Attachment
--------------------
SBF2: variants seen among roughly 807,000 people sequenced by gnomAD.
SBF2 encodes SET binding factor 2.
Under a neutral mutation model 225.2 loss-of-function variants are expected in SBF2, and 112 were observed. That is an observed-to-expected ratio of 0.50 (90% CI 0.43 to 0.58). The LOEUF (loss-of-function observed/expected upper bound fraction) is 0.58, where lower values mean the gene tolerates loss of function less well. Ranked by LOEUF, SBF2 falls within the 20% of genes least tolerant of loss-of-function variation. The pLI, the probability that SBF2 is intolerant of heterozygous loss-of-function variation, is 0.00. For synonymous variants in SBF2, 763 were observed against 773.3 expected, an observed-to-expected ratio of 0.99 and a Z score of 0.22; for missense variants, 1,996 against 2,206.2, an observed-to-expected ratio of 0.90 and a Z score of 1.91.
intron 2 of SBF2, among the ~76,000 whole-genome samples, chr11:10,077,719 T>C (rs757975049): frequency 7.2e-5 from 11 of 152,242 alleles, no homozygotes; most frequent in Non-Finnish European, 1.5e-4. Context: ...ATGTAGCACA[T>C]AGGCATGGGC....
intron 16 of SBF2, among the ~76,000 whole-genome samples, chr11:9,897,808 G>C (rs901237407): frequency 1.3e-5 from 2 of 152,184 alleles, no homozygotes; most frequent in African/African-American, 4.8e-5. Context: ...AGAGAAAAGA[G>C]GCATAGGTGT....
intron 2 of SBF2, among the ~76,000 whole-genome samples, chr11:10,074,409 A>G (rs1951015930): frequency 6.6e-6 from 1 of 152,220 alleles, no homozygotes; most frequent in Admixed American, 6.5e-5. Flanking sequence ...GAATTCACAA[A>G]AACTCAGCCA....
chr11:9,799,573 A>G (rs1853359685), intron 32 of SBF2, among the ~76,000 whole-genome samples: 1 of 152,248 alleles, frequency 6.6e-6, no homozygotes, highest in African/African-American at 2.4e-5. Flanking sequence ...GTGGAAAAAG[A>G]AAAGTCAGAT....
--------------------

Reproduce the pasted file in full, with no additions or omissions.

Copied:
SBF2: variants seen among roughly 807,000 people sequenced by gnomAD.
SBF2 encodes SET binding factor 2.
Under a neutral mutation model 225.2 loss-of-function variants are expected in SBF2, and 112 were observed. That is an observed-to-expected ratio of 0.50 (90% CI 0.43 to 0.58). The LOEUF (loss-of-function observed/expected upper bound fraction) is 0.58, where lower values mean the gene tolerates loss of function less well. Ranked by LOEUF, SBF2 falls within the 20% of genes least tolerant of loss-of-function variation. The pLI, the probability that SBF2 is intolerant of heterozygous loss-of-function variation, is 0.00. For synonymous variants in SBF2, 763 were observed against 773.3 expected, an observed-to-expected ratio of 0.99 and a Z score of 0.22; for missense variants, 1,996 against 2,206.2, an observed-to-expected ratio of 0.90 and a Z score of 1.91.
intron 2 of SBF2, among the ~76,000 whole-genome samples, chr11:10,077,719 T>C (rs757975049): frequency 7.2e-5 from 11 of 152,242 alleles, no homozygotes; most frequent in Non-Finnish European, 1.5e-4. Context: ...ATGTAGCACA[T>C]AGGCATGGGC....
intron 16 of SBF2, among the ~76,000 whole-genome samples, chr11:9,897,808 G>C (rs901237407): frequency 1.3e-5 from 2 of 152,184 alleles, no homozygotes; most frequent in African/African-American, 4.8e-5. Context: ...AGAGAAAAGA[G>C]GCATAGGTGT....
intron 2 of SBF2, among the ~76,000 whole-genome samples, chr11:10,074,409 A>G (rs1951015930): frequency 6.6e-6 from 1 of 152,220 alleles, no homozygotes; most frequent in Admixed American, 6.5e-5. Flanking sequence ...GAATTCACAA[A>G]AACTCAGCCA....
chr11:9,799,573 A>G (rs1853359685), intron 32 of SBF2, among the ~76,000 whole-genome samples: 1 of 152,248 alleles, frequency 6.6e-6, no homozygotes, highest in African/African-American at 2.4e-5. Flanking sequence ...GTGGAAAAAG[A>G]AAAGTCAGAT....